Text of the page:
The Israeli Track and Field Championships begin today in arguably one of the most difficult periods for Israeli athletics. The current Olympic delegation currently includes only one track and field athlete, pole vaulter Jillian Schwartz, assuming that marathon runner Zohar Zmiro has lost his place due to testing positive for performance-enhancing substances. Still, 19-year-old high jumper Dmitry Kroyter, formerly world youth champion, still hopes to join the delegation after two years of being plagued by injuries as well as a personal tragedy.
Still, Kroyter sees the national championships as an excellent opportunity to clear the bar for London - 2.28 meters. "I believe I'm in the best shape of my life," he says. "I also feel good, and now I just have to make it count in the important competitions." Nonetheless, Kroyter won't feel too discouraged if he doesn't succeed in Hadar Yosef: "I have to clear the Olympic standard [no later than] the European Championships in Helsinki at the end of June. That will be the last major tournament, so I hope to get there at the peak of my form. The Israeli Championships, as far as I'm concerned, is a preparatory tournament for Helsinki."
Kroyter is realistic: "I can't tell you right now that I'll succeed. I really don't know. I'm calm because I know I've gone over that height in the past, and I believe I can do it again. Have no doubt: I'll take the Israeli Championships very seriously. I love the fans here and don't want to let them down. I just returned from a few competitions abroad, and saw how the fans support the local athletes. It's really wonderful to get such support and hear the fans call your name, and maybe they'll help me get the right score. In any case, I'll give it my very best."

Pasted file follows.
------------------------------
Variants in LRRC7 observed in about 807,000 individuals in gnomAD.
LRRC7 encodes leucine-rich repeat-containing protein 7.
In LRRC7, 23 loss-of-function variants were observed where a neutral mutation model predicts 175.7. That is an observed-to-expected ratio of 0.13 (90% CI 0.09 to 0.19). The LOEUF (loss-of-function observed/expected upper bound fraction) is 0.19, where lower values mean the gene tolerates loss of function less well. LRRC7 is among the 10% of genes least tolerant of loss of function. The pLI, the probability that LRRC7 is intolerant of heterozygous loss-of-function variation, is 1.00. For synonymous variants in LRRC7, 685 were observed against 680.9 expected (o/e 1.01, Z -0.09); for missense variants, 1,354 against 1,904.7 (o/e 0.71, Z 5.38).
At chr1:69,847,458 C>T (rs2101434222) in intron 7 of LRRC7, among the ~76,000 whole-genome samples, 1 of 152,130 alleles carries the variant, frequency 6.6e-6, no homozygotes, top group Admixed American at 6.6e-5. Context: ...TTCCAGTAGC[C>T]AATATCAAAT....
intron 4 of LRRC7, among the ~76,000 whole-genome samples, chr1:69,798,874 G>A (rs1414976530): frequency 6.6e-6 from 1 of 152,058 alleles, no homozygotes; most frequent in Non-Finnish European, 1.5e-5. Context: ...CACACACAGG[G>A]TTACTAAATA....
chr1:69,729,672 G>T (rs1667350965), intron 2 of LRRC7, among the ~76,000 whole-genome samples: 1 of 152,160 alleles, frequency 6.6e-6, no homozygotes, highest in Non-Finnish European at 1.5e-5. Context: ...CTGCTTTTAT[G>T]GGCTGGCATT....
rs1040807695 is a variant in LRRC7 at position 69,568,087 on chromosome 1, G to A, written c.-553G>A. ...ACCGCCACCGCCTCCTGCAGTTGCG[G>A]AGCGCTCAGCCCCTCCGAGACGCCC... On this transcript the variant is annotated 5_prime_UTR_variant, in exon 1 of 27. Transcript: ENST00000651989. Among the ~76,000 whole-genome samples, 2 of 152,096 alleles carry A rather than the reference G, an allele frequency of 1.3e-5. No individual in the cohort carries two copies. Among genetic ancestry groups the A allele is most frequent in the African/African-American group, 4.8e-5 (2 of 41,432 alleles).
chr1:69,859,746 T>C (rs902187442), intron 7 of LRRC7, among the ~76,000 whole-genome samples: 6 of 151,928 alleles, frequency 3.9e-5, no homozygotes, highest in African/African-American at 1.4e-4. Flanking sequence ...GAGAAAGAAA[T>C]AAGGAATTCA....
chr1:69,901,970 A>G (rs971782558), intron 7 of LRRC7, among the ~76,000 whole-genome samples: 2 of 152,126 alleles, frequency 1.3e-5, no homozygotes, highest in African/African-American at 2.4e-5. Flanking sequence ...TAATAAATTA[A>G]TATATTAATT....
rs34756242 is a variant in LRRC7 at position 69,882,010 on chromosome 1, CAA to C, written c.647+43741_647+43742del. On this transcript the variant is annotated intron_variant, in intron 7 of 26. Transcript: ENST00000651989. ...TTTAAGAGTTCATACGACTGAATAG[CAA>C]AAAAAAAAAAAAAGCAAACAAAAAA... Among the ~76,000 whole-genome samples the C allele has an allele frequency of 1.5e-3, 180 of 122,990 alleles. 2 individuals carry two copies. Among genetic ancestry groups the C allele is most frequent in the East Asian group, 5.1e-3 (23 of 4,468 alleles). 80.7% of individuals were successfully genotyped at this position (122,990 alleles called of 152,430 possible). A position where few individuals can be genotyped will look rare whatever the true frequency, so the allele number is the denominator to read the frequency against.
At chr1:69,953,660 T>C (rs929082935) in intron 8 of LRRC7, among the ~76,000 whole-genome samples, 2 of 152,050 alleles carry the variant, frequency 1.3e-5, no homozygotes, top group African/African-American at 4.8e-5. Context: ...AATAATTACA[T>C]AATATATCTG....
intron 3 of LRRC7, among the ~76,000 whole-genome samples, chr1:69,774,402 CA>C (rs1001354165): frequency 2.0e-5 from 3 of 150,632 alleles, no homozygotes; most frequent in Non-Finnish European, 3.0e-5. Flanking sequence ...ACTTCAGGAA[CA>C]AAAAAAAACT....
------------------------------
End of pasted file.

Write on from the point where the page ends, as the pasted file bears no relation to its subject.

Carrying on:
Kroyter, who immigrated to Israel with his family in 1999, cannot imagine missing out on the London games after dreaming of participating the Olympics since he was a child. The Olympic standard is equal to Kroyter's record, set in Hadar Yosef more than a year ago. Various injuries in the last couple of years halted his progress, but in the last few competitions he's been back on form. At the end of May, he passed 2.23 in a competition in France, a result he considers "one step before the real thing." "I'll spare no effort to reach the games," he adds. "For me, it's the most important thing. Participating in the games would be a huge accomplishment in my life. It would be confirmation that I succeeded in something I've been working on for many years. Only precious few athletes reach the Olympics and I want to be one of them. I've had a difficult two years with all the injuries, but this summer I have a chance to begin anew and fulfill my dreams. I really enjoy competing now, and don't want my season to be over too soon. I believe the more I compete the more I improve, and by the time the season ends in August, I might set some good scores." Apart from struggling with his injuries, Kroyter had to deal with the grief of seeing his older brother, Evgeni, succumb to illness at the beginning of the year. Kroyter says he's trying to leave painful memories behind. "Fortunately, not everyone has to go through what we went through," he says. "Every one of us chose a different way to deal with the experience. I know my brother wouldn't ever want to do anything that would harm my career, or make me lose my focus. I know he would be angry if he knew that his death would harm my preparations, so immediately after his death, I decided to get over it as soon as possible. I love him so, and if I reach the Olympics I know it would have made him very, very happy."
No other Israelis are expected to meet the London standard in their events in at the championships. The only other athlete who might do so is also a high jumper, Ma'ayan Foreman, and this causes Kroyter pride in Israeli high jumpers and confidence in the special project aimed at improving their performance.
"I believe the high jumpers project is really important, and above all, it simply works. The people who lead the project are trying to improve it all the time, and to find new ways so that we can improve our results. And it works every time. Before the project began my personal best was 2.21, and I've improved by seven centimeters since. I really hope no one will decrease the project's budget. We might lose out on some really great jumpers."
What do the next few weeks hold for him? "I believe that right not I should practice endlessly and focus on my technique. In my mind I already know I belong in the London games. That's how I behave, and I believe it will work out."
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